The Biology of . . . Panic

The clue to understanding anxiety may be written in your genes

By Jocelyn SelimApr 1, 2002 12:00 AM


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When Charles Darwin returned to England in 1836 after his five-year voyage on the Beagle, he was 27 years old and on the cusp of one of the most brilliant careers in the history of science. He was also a bit of a wreck. He began complaining of "constant attacks"—heart palpitations, trembling, shortness of breath, and "swimming in the head." When offered a secretaryship at the Geological Society of London, he declined, explaining that "anything that flurries me completely knocks me up afterward." Two years later the once-intrepid traveler moved to his country home in Kent and became a legendary recluse, leaving only when absolutely necessary and then traveling in a carriage with darkened windows. On one rare trip in 1861, a brief speech in front of the Linnean Society prompted a 24-hour vomiting episode.

Darwin never learned the true nature of his malady. Physicians of the time diagnosed it as anything from "dyspepsia with aggravated character" to "suppressed gout"; their successors might have attributed it to a weak nervous system or a conflicted superego. But according to a team of researchers led by Xavier Estivill, a molecular geneticist at Barcelona's Medical and Molecular Genetics Center, Darwin's agoraphobia may have had a more specific origin. In a study published in the journal Cell last summer, Estivill contended that nearly every social phobia and panic disorder is rooted in a single stretch of about 60 genes.

Anxiety disorders first caught Estivill's attention 14 years ago through the work of physician Antoni Bulbena. While working at the Hospital del Mar in Barcelona, Bulbena made an odd observation: Patients who were double-jointed complained of nervous disorders far more often than others—fully 16 times as often, a follow-up study showed. Intrigued by the coincidence, Estivill traveled to a small Catalonian village near Barcelona, collected DNA samples from families known to have both conditions, and began combing through the samples for common characteristics.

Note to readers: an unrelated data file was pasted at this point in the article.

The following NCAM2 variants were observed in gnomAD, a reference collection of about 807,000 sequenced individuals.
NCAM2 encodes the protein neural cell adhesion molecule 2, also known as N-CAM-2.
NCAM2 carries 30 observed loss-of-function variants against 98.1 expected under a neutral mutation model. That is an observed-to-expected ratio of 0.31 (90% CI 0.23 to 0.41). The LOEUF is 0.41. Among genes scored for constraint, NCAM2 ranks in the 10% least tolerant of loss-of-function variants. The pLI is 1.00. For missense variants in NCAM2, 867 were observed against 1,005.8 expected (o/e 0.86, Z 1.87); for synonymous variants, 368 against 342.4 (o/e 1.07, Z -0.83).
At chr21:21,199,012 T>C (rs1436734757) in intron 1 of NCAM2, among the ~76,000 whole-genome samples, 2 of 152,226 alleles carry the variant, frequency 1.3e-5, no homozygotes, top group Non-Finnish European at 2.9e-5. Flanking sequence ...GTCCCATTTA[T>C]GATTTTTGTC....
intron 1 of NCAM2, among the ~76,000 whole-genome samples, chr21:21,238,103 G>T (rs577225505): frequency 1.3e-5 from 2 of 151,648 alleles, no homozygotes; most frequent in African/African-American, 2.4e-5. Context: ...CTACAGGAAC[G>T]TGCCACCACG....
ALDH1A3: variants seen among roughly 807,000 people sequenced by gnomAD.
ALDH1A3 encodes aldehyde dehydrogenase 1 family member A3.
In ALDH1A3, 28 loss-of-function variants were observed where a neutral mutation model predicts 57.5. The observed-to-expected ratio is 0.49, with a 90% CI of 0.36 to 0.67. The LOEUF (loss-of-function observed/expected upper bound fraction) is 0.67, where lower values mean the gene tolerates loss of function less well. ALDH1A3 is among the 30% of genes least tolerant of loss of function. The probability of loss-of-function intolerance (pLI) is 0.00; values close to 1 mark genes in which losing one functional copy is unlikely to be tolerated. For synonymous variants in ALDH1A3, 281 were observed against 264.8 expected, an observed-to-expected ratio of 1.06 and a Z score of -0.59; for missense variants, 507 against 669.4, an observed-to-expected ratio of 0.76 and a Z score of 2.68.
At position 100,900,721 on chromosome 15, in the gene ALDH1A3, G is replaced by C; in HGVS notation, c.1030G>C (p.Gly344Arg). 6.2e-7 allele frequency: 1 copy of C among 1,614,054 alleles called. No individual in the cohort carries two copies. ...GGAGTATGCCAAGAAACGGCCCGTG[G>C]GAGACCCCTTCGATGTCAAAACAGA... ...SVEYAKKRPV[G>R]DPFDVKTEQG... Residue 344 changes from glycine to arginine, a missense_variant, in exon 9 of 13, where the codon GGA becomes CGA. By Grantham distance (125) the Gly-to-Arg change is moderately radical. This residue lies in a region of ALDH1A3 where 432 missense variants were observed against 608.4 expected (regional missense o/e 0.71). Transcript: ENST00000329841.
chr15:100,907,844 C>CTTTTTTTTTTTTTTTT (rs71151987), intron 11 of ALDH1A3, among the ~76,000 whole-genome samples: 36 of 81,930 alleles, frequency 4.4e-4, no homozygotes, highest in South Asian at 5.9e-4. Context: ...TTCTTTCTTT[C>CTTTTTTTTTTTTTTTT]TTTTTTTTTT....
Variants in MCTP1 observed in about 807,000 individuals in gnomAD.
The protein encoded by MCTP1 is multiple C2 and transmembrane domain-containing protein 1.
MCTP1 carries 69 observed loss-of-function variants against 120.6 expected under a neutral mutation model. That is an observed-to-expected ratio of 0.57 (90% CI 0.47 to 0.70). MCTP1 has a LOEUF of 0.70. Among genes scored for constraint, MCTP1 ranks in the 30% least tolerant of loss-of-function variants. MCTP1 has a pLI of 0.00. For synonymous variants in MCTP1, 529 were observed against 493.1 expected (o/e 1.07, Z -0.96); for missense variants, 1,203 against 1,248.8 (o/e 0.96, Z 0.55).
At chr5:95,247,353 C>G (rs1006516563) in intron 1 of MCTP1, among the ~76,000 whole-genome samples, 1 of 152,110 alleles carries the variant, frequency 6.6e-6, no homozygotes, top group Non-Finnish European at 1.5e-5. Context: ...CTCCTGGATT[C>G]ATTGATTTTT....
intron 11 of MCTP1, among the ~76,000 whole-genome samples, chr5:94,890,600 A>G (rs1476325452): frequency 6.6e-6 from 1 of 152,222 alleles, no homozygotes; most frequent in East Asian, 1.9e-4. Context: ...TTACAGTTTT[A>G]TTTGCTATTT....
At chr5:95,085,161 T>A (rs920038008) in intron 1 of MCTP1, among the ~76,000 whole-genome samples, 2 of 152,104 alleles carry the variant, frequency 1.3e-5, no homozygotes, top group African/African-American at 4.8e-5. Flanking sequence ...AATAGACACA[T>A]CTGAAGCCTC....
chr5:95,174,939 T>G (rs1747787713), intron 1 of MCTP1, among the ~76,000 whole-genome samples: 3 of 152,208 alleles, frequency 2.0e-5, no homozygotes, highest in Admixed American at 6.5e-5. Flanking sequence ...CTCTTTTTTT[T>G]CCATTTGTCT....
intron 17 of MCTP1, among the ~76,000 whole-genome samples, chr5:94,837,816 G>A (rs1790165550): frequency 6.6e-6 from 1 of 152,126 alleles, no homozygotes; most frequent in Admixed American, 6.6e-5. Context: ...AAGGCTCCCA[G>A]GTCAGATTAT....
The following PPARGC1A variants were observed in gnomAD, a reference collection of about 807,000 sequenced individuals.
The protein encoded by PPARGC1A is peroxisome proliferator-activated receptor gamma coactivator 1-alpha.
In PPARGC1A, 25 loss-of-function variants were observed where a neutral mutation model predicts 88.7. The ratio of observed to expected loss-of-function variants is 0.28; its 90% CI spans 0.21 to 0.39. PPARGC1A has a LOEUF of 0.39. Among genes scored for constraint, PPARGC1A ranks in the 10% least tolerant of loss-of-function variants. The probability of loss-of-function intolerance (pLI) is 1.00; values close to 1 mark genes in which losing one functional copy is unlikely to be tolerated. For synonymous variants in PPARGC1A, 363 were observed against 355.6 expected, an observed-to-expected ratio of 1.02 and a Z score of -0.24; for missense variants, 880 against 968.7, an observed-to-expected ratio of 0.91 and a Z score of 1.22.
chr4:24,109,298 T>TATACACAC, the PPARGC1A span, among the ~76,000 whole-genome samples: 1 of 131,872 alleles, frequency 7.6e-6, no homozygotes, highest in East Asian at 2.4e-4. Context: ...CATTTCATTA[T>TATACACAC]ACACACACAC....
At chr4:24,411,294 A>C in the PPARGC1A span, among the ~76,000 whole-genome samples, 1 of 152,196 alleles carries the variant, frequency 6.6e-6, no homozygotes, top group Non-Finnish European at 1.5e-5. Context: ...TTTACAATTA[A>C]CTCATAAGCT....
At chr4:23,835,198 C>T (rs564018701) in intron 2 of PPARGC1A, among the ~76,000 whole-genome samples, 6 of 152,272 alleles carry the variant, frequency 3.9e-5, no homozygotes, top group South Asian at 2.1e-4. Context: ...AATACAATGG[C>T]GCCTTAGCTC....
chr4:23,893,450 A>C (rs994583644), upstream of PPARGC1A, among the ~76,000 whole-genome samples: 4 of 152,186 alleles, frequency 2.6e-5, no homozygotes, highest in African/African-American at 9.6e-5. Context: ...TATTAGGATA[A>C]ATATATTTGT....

Such comparative research usually entails a genome-wide analysis—an onerous process of lining up corresponding segments of DNA and looking for shared sequences. But Estivill, on a hunch, took a shortcut: He first examined the blood and then the sperm cells of 10 of the patients for genetic abnormalities that might contribute to the association. It was on the 15th chromosome that he found what he was looking for: Eighty-seven percent of the double-jointed and 90 percent of the anxiety-afflicted villagers carried a duplicated region spanning the length of about 60 genes. When Estivill repeated the study in a group of unrelated Catalonians, the association was even stronger: Ninety-seven percent of those diagnosed with an anxiety disorder carried the duplication compared with 7 percent in the general population. "It was astounding," he says. "You just don't expect that much of a relationship between a single region and a complex disorder that's supposed to be the result of many genes."

If Estivill's numbers hold up, says University of Oxford molecular biologist Jonathan Flint, they will demonstrate the most specific genetic association ever reported for a psychiatric disorder. "It's got a lot of people excited," Flint says. Like many of his colleagues, however, Flint still has nagging doubts. During the past year alone, he notes, an average of one study a day has been published purporting a genetic link to some psychiatric illness or other. Granted, no other study has produced statistics so compelling, but if the link was so obvious, why had no one found it before?

The answer, Estivill says, is that the duplication isn't being passed along according to standard patterns of heredity. Most other genetic disorders are caused by a hereditary mutation at a specific location on a specific chromosome. Cystic fibrosis, for instance, is caused by a mutated gene that codes for a faulty protein that makes the mucus in the lungs too viscous. Such genes might be dominant or recessive, but once they appear in the DNA, they are passed down through the generations virtually unchanged.